arl Stefan (孙天福), lived in China (2013-2017)
upxed Feb 13, 2019
I took this picture in China. It was on the wall of a restaurant at my university.
Notice how two people are using chopsticks to grab the same piece of food (and perhaps share it)? That’s okay in China —albeit a little casual as far table manners go— but you NEVER do that in Japan, and you certainly never have a giant picture of the deed taking up an entire wall in your restaurant.
So after scrambling through our Chinese dictionaries, my Japanese friend was finally able to get across that chopsticks are used to pass around the cremated remains of someone during a funeral ritual, much like someone in China might casually pass food around at the dinner table. Who would’ve guessed?
Japan has a lot more social pressures than China does. In Japan, there is this concept of “hito no me”, which means “other people’s eyes”. If you do something wrong or stupid in public, the other Japanese people will stare down at you, making you feel intensely uncomfortable, until you stop. In China, if you stare someone down while they do something stupid, they will never stop. You have to openly confront them and be very straightforward with: “You’re being stupid,” or “You’re wrong, you need to do this instead”.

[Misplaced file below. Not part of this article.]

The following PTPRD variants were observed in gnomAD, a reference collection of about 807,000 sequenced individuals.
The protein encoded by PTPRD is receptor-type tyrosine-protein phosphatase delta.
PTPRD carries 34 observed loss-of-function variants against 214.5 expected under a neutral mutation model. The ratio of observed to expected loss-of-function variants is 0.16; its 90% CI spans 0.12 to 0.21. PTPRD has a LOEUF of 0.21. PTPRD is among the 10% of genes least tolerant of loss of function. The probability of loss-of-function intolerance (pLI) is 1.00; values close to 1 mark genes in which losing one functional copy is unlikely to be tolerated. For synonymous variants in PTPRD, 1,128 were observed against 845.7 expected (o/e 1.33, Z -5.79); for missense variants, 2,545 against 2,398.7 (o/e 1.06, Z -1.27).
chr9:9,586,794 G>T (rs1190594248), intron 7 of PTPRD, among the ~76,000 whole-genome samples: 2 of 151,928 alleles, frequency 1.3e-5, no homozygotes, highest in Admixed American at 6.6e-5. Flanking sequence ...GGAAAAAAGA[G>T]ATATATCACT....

日本比中国社会的压力更大。日本有个‘hito no me’的概念，意思是说其他人的视线。当你在公共场合做了错误或很傻的事，其它日本人就会注视着你让你感到强烈不适，直到你停下来他们才会移开目光。但是在中国如果你在他们做傻事时盯着他们，他们并不会停下来。你必须公开直接了当的告诉他们：“你正在做蠢事”或者是“你做错了，你应该这么做。。。”
In China, people value cheap prices over quality; in Japan, people value quality over cheap prices. My car mechanic once complained to me that his Chinese customers who have bad brakes will tell him to replace the bad brakes with a used brake rather than to replace them with new brakes, for no other reason other than to save some money. My mechanic emphasized in all his years of being a mechanic, only Chinese people would ask him to do something like this.
Chinese women are very career-oriented, while Japanese women are more likely to be housewives. I do not know of any Chinese woman who is a housewife, even after having kids. In Japan, not even Prime Minister Abe Shinzo’s wife could continue her career after marriage. Also, Japanese female members of the Imperial Family must give up their royal status if they were to marry; although China no longer has an emperor, this concept is still baffling to Chinese.